I bought the guitar at Old Boise Guitar around the 15th of November 2002. It is to be my main guitar. I wanted something of quality - I paid $2200.00.
The guitar has pleasing aesthetics. It is comfortable to hold, contains more than 95% or so of the volume and bass of a dreadnaught or jumbo but is more balanced in the treble. It responds well enough to quite "goofing off" and finger picking. But it jumps into another gear with a pick. The first notes I picked with a flat pick on this quitar were astounding. I actually stepped back and said "wow". (I was trying to decide between three different quitars- 2 Santa Cruz and a D-18 that was a particularly fine instrument.) What I'm finding is that this guitar can give almost as much focus on the root note as a mahogany. But it can also project those rich overtones of rosewood. It never gets boomy or muddled the way other rose wood OMs have when pushed to very high volumes- I almost said when over driven but try as I might I haven't been able to do that with this guitar. It is sweet when I want it to be, can get angry, sad, you name it. It expresses what I feel when I play it and it does it seemingly effortlessly. The workmanship, even on this price point, is flawless. There are those irregulaties of the human hand - the silk on the top isn't exactly symetrical, the fretboard has just a touch of color under good light, the Indian Rosewood is just a shade too dark or would be "prettier" with more contrasting light streaks. But those aren't criticisms but reflections of the wood and construction.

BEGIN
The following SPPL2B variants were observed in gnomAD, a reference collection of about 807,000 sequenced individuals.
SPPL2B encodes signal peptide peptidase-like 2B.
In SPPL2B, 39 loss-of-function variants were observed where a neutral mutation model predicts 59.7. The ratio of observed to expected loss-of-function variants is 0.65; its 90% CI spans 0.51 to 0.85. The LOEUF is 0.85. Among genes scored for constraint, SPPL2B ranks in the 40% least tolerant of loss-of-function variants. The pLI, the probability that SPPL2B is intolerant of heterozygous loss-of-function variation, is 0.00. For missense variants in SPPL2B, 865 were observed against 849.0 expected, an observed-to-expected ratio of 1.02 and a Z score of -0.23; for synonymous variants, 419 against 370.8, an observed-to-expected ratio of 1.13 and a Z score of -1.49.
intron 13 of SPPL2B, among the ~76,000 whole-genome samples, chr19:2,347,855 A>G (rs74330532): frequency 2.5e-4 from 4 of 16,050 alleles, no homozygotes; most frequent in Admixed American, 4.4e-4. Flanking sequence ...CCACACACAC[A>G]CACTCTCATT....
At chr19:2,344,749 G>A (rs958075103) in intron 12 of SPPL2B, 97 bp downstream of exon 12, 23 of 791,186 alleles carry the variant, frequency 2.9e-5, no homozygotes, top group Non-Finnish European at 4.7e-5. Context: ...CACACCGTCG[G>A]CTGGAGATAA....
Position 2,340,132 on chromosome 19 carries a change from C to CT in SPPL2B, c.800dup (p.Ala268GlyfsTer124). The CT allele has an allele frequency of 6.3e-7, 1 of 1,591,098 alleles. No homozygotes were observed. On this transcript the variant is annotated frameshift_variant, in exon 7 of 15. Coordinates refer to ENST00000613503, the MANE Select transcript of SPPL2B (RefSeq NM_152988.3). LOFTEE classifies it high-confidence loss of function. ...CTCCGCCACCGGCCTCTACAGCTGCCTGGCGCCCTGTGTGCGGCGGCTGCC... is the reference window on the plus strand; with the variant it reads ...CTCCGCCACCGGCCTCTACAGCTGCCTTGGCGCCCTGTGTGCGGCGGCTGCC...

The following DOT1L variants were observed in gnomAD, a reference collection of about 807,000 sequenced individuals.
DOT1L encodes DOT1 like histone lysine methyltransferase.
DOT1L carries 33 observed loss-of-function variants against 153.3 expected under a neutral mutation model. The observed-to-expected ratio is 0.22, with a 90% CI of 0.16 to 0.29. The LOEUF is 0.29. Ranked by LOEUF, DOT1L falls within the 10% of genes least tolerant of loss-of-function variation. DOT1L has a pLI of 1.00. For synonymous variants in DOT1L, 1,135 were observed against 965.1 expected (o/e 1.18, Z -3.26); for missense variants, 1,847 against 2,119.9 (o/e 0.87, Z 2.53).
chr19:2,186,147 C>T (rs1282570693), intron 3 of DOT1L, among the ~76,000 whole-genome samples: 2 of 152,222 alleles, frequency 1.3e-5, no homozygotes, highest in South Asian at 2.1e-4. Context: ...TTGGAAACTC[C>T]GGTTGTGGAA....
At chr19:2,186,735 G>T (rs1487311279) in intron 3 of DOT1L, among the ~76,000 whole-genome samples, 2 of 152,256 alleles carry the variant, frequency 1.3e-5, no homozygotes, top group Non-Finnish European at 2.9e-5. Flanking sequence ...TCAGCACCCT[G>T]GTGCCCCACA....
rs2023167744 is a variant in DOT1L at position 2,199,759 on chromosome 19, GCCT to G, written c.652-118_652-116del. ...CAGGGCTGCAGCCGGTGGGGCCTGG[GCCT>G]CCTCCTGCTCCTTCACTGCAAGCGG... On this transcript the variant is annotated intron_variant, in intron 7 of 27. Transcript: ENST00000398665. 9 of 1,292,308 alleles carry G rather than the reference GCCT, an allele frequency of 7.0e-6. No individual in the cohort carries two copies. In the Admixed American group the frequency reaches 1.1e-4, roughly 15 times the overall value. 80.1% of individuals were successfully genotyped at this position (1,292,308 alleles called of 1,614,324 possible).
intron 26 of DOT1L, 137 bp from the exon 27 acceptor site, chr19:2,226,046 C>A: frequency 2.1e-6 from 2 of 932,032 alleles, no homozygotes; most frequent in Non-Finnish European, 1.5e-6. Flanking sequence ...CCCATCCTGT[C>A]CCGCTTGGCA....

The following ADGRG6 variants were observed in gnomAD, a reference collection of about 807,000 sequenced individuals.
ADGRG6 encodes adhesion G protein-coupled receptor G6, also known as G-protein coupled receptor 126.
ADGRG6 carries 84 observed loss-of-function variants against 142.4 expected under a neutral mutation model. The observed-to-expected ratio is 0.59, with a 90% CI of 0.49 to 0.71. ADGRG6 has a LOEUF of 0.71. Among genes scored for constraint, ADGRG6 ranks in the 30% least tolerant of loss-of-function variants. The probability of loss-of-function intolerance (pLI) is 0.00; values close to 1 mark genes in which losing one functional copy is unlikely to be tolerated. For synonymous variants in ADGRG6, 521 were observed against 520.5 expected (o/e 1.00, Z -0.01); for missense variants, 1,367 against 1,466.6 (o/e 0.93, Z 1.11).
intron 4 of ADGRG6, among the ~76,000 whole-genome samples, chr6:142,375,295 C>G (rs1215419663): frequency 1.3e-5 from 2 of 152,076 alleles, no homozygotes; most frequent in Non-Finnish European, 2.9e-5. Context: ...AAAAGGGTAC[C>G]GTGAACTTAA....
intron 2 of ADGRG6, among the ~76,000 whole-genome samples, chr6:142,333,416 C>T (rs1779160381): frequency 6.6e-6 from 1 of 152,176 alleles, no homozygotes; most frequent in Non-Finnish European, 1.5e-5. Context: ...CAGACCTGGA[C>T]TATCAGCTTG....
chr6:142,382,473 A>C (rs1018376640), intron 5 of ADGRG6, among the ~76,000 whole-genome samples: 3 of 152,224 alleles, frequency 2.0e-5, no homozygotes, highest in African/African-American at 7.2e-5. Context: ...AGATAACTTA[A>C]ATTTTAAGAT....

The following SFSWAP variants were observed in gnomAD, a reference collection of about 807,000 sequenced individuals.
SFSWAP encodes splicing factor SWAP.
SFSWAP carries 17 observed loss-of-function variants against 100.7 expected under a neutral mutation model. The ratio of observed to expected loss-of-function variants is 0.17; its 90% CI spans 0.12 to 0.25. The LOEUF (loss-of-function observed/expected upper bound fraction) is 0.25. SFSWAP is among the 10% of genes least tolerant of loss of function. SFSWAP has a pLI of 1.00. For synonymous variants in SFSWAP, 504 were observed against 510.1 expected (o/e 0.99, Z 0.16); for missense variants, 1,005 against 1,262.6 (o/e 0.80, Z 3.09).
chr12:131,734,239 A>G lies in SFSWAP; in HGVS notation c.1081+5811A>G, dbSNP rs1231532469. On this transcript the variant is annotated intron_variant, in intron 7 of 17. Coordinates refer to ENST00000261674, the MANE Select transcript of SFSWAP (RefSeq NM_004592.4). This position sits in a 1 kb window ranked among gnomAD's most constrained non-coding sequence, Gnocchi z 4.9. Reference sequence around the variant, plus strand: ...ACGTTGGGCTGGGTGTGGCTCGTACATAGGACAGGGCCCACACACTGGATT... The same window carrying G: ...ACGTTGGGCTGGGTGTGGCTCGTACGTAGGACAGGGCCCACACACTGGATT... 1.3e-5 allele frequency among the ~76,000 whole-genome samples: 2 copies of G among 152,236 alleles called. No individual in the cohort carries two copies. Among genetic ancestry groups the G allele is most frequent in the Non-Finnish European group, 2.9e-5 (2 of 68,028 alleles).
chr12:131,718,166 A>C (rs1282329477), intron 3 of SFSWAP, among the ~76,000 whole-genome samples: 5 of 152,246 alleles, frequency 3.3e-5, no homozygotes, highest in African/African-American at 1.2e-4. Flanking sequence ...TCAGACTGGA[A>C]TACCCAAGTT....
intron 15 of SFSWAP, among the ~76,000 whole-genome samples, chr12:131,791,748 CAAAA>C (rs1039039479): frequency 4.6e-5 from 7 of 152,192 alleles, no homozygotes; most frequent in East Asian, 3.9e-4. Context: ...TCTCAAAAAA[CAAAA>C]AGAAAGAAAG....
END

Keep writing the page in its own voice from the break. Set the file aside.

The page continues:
I heard a little bit of a "rattle" when I played it hard at first. I held it out in front of me and shook it. Wood particles. I got the hand vac and that was fixed. Probably that one in a thousand oversight- I've never seen that in another Santa Cruz- Course I did also laugh at it just a bit- not so much troubling again as indicative of the craft that went into its beginnings. It is still opening up and I always hate the period of breaking in a guitar (ok- it is probably me that is really breaking in but I still prefer playing older instruments and this one still reeks of new). Other than that and my small hands haven't quite adapted to the 1 3/4 inch neck yet (used to playing Taylors) but that will come with practice.
The construction is flawless- with the exception of the saw dust mentioned above. The finish is uniform, thin (as it is supposed to be), and I haven't seen a single uneven place yet. Every joint appears perfect- the kind of tightness you'd seen in a CNCed instrument but there are still the qualities of a handmade/crafted. If I'd ever made anything so well I'd be proud to sign my name to it.
Another Santa Cruz masterpiece. That it is a beautiful and historically accurate piece is evident from its hand. Light and it speaks when you touch it. Capable of extremes of volume and with a range of tonal color befitting an instrument of much higher price. Truly a pleasure to play. It challenges you to play better and at the same time is forgiving of the weaknesses of my recent time off from playing (due to a broken collar bone- among other things).